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Tuesday, September 27, 2005

.NET Remoting Vs. Web Services – What To Choose?

.NET Remoting Vs. Web Services – What To Choose?

While developing distributed applications, developers are often faced with the question of whether to choose Remoting or Web Services as the preferred choice. The answer to this question depends on certain factors that are specific to the application and the distributed data transfer strategy being followed. Let’s discuss each of the factors one by one

Security

Security is a major factor to consider while developing distributed applications. As both Web services and .Net Remoting architecture depend on the IIS security features, there is nothing much to choose between the two based on this factor. If, however, IIS is not being used as a host, Remoting is the only option left.

Communication Mode/ Protocol

If the application is to be used by customers on a LAN/WAN, using Remoting with TCP and binary formatters will be a better option as it does not play with data (no need of formatting or data packaging as in SOAP).

If TCP is the protocol being used for communication, using web services is again out of question.

Data Volume

If the amount of data being transferred is huge, using web services will deplete performance. Web services require transformation and serialization of data and this will result in terrible application performance.

Platform/ Interoperability

If both the client and server are using .NET Runtime for execution, remoting will be the best choice as it can utilize the strongly typed data for communication at both ends.

Web Services on the other hand is an easy picking when either client or server or both are running on some platform other than .NET.

State Management

Web Services are inherently stateless and they never correlate multiple calls from the same user unless session management is explicitly enabled in the Web Service. IF enabled, they provide state management using the inherent ASP.NET state management capabilities.

In Remoting, however, you can perform state management in the following ways:

Stateless Objects: Use .NET remoting with Server Activated Single Call objects

Stateful Objects (Per Application): Use .NET remoting with Server Activated Singleton objects.

Stateful Objects (Per Client): Use .NET remoting with Client-Activated Objects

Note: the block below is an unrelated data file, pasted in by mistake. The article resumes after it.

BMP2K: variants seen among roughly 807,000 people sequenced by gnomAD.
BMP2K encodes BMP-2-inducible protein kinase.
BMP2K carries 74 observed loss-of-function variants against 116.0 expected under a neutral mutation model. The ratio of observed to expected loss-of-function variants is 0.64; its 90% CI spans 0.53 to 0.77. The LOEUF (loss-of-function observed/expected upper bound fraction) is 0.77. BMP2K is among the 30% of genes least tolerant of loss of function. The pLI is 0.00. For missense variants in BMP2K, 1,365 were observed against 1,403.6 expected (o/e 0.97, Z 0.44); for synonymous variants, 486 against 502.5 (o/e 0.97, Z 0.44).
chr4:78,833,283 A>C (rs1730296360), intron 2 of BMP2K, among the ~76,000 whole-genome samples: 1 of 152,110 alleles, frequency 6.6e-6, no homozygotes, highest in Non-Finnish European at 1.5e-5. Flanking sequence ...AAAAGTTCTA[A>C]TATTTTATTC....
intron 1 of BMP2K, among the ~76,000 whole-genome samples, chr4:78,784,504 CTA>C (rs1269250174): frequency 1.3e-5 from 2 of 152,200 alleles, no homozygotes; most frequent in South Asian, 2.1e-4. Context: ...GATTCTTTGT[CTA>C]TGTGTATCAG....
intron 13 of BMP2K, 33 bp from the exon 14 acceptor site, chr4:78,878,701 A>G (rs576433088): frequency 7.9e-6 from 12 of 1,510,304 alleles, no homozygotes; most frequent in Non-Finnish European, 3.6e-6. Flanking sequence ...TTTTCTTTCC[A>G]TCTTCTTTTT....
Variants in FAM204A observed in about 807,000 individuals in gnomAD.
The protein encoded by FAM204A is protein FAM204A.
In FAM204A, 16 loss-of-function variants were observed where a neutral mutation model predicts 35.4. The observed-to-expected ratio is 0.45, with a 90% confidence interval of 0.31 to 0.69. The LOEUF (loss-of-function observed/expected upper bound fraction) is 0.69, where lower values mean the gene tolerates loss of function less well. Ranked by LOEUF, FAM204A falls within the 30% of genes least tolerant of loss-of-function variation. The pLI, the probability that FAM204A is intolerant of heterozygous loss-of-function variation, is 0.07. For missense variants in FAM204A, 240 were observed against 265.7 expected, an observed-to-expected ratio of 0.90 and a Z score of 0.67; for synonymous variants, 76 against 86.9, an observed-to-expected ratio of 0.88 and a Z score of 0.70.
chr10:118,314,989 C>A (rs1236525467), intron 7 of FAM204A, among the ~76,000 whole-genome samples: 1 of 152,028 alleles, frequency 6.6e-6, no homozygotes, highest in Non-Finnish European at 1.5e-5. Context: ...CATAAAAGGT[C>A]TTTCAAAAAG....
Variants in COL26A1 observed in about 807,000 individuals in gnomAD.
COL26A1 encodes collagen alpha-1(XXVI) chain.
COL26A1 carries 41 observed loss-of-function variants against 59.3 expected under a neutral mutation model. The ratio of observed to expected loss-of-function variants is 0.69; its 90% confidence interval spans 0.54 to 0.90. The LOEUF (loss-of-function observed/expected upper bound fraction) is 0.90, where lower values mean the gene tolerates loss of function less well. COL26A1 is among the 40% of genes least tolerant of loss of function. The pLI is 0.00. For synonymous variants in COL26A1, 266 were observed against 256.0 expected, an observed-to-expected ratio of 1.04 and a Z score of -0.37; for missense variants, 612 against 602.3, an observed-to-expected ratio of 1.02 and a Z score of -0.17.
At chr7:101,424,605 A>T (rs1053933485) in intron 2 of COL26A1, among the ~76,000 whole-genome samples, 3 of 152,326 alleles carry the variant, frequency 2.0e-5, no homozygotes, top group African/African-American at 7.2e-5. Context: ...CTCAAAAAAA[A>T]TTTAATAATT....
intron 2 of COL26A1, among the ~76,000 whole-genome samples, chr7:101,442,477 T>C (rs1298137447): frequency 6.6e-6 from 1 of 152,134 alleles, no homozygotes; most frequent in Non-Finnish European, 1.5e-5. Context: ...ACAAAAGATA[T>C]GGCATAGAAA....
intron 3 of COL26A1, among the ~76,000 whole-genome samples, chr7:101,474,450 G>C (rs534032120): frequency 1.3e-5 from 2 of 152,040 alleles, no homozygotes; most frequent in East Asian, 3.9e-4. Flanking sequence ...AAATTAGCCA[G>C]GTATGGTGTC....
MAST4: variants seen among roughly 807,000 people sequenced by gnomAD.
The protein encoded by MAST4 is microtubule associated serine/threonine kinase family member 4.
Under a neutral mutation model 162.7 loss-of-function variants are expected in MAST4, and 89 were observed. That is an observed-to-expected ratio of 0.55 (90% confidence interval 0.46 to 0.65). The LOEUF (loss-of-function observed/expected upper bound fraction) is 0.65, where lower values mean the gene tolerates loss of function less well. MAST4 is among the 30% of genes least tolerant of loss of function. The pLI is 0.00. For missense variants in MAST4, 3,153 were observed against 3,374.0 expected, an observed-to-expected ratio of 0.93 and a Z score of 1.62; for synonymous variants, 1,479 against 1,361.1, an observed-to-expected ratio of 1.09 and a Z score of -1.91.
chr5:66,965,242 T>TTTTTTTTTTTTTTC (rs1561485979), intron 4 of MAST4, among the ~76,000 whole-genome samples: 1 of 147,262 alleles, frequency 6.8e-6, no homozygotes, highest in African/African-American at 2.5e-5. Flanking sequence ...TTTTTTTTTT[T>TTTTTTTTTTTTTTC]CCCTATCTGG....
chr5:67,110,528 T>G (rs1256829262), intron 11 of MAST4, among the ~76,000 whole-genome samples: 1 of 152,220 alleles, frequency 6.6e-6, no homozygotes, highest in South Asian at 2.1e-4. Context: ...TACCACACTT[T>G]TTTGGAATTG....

Flexibility/ Scalability

Web Services work through firewalls and other network security as it uses HTTP and XML for packaging and transporting data. Remoting on the other hand cannot provide such flexibility but in the case of using HTTP with SOAP which diminishes the performance of the application.

Web Services are also much more scalable than remoting as they support many platforms and can be used in applications that are not dependent on .NET Runtime.

Performance:

.NET remoting provides the best performance when using Binary formatters and TCP protocol. In effect, the different combinations of protocols and formatting provide different performance levels for web services and remoting. Here is the table that lists them.



























Protocol


Formatter


Best Performance


TCP *


Binary


Remoting


TCP *


SOAP


Web Services


HTTP


SOAP


Web Services


HTTP


Binary


Any


* In case where the TCP protocol is used, the remoting endpoints running on TCP were compared with the HTTP Web Services.

For more information, see the tests conducted to evaluate the performance of both

http://msdn.microsoft.com/library/default.asp?url=/library/en-us/dnbda/html/bdadotnetarch14.asp

Development/Deployment

As most of us already know that development, configuration and deployment of web services is much easier than in .NET Remoting infrastructure as they provide a simpler programming model with easy configuration and deployment capabilities.

What to Choose?

Both Web Services and Remoting enable cross-process communication. If your application is in need of interoperability with different platforms and you want it to be flexible enough to accommodate future technology changes, web services is your choice.
Remoting takes the lead where performance, state management and huge data volumes come into consideration.

3 Comments:

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  • At 9/28/2005 06:18:00 PM, Blogger Hammad said…

    good one navdo. keep it up!

     
  • At 2/06/2008 11:45:00 AM, Blogger mujahidazam said…

    Good one.....

     

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